After two days of competition, Eddie LeRoy of Eufala, Alabama, emerged as the winner of the Federal Duck Stamp competition with his painting of a black-bellied whistling duck pair. The announcement was made by U.S. Fish and Wildlife Service Principal Deputy Director Margaret Everson at the annual contest, held this year at Patuxent Research Refuge in Laurel, Maryland.
LeRoy’s acrylic painting will be made into the 2020-2021 Federal Migratory Bird Hunting and Conservation Stamp, or “Duck Stamp”, which will go on sale in late June 2020. The Service produces the Federal Duck Stamp, which sells for $25 and raises approximately $40 million in sales each year. These funds support critical conservation to protect wetland habitats in the National Wildlife Refuge System for the benefit of wildlife and the enjoyment of people.
“These artists are extremely talented, and the quality of the art is matched by the incredible conservation work funded by Duck Stamp sales,” said U.S. Secretary of the Interior David Bernhardt. “By purchasing a Duck Stamp, waterfowl hunters have helped raise millions of dollars to conserve wildlife and healthy wetland habitats within the National Wildlife Refuge System.”
Eighty-five years after it was established, sales of the Duck Stamp to hunters, bird watchers, outdoor enthusiasts and collectors have raised more than $1 billion to conserve over six million acres of habitat for birds and other wildlife and provide countless opportunities for hunting and recreation on our public lands.
This is LeRoy’s first Federal Duck Stamp Contest win.
“I’m proud to be part of an event with the rich tradition of the Duck Stamp Contest. The first one took place in 1949, and 70 years later, the contest – and the wetland conservation work it supports – is going stronger than ever,” said Everson. “I thank the staff at Patuxent Research Refuge for hosting the contest this year. The opportunity to experience native wildlife, trails, canoeing, fishing and more at this urban oasis demonstrates how you don’t need to go far from a major city to explore a national wildlife refuge.”
In addition to LeRoy, Cory McLaughlin of Wells, Texas, placed second with his oil painting of a black-bellied whistling-duck pair, and Frank Mittelstadt of Beaver Dam, Wisconsin, took third place with his acrylic painting of a bufflehead pair.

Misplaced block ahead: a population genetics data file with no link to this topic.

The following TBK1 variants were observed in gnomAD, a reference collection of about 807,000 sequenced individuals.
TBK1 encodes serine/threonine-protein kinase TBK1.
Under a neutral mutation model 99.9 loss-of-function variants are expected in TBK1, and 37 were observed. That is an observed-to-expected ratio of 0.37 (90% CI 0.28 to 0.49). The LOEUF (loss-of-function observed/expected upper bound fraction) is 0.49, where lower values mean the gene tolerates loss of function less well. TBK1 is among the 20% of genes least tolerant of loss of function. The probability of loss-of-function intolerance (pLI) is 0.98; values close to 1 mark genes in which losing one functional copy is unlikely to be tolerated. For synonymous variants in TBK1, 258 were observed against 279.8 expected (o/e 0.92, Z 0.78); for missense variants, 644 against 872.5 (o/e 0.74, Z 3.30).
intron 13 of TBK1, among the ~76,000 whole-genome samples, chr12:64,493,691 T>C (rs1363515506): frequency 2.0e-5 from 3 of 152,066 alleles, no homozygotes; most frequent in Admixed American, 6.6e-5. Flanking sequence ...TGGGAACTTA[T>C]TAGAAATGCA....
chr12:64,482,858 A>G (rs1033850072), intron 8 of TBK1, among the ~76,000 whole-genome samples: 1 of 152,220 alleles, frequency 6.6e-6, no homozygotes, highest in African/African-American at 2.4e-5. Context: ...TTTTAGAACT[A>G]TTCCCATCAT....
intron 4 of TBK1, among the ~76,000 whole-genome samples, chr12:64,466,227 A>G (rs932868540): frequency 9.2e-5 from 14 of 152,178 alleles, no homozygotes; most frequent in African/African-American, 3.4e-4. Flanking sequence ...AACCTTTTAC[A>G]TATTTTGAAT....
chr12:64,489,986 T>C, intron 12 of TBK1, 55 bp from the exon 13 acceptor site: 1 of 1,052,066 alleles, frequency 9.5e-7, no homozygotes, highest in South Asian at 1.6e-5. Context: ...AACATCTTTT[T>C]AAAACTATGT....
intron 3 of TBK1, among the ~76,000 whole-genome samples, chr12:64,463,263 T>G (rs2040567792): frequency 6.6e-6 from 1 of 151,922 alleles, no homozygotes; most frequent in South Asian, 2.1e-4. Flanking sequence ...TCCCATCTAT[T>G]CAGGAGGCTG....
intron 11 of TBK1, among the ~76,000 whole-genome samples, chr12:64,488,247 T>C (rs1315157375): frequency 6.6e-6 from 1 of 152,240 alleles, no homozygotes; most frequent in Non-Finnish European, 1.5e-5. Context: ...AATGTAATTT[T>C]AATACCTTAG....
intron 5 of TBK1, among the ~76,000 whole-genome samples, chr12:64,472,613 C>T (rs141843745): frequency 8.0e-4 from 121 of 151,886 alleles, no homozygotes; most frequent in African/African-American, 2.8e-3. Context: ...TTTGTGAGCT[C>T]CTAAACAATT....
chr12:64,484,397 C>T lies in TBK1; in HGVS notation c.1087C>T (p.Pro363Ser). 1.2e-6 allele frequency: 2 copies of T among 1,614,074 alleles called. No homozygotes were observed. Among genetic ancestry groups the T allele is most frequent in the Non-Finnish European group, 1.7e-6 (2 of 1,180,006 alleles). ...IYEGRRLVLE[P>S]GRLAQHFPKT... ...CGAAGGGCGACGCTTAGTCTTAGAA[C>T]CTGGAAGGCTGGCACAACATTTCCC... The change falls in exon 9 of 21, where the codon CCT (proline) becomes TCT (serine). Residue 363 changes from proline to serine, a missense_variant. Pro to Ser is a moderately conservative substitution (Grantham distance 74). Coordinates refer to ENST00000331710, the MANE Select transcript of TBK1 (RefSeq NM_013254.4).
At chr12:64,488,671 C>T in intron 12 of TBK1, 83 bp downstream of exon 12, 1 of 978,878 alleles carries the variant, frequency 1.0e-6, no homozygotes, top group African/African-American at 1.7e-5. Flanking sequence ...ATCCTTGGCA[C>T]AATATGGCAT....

Of 190 entries in this year’s competition, 13 entries made it to the final round of judging. Eligible species for this year’s Federal Duck Stamp Contest were the black-bellied whistling-duck, emperor goose, American black duck, bufflehead and northern shoveler. View the online gallery of the 2019 Federal Duck Stamp Art Contest entries.
“The Duck Stamp is a beautiful collectible and a great artistic tradition. The design of each year’s stamp has been chosen in this wonderful open art contest. I am proud to be a part of this heritage that also benefits habitat and wildlife,” said Jerome Ford, assistant director for the Service’s Migratory Bird Program.
The judges for this year’s Federal Duck Stamp Contest were: Walter Matia, artist; Brian K. Schmidt, biologist; David Elwing, conservation partner and philatelist; Wayne Knight, artist; and Peggy Watkins, artist.
Waterfowl hunters age 16 and older are required to purchase and carry the current Federal Duck Stamp. Many non-hunters, including birdwatchers, conservationists, stamp collectors and others also purchase the stamp in support of habitat conservation. Additionally, a current Federal Duck Stamp can be used for free admission to any national wildlife refuge that charges an entry fee.
Funds raised from the sale of Federal Duck Stamps go toward the acquisition or lease of habitat for the Refuge System. This year, the Migratory Bird Conservation Commission, chaired by Secretary Bernhardt, awarded $19.3 million from the fund, made up partly of Duck Stamp dollars, to support the acquisition of refuge lands from willing sellers. The new areas provide additional access to the public to some of the most spectacular places available for hunting, fishing, birdwatching, hiking and other outdoor activities.
You can contribute to conservation and America’s great outdoors tradition by buying Federal Duck Stamps at many national wildlife refuges, sporting goods stores and other retailers, through the U.S. Postal Service, or online at http://www.fws.gov/birds/get-involved/duck-stamp/buy-duck-stamp.php.
Source: U.S. Fish and Wildlife Service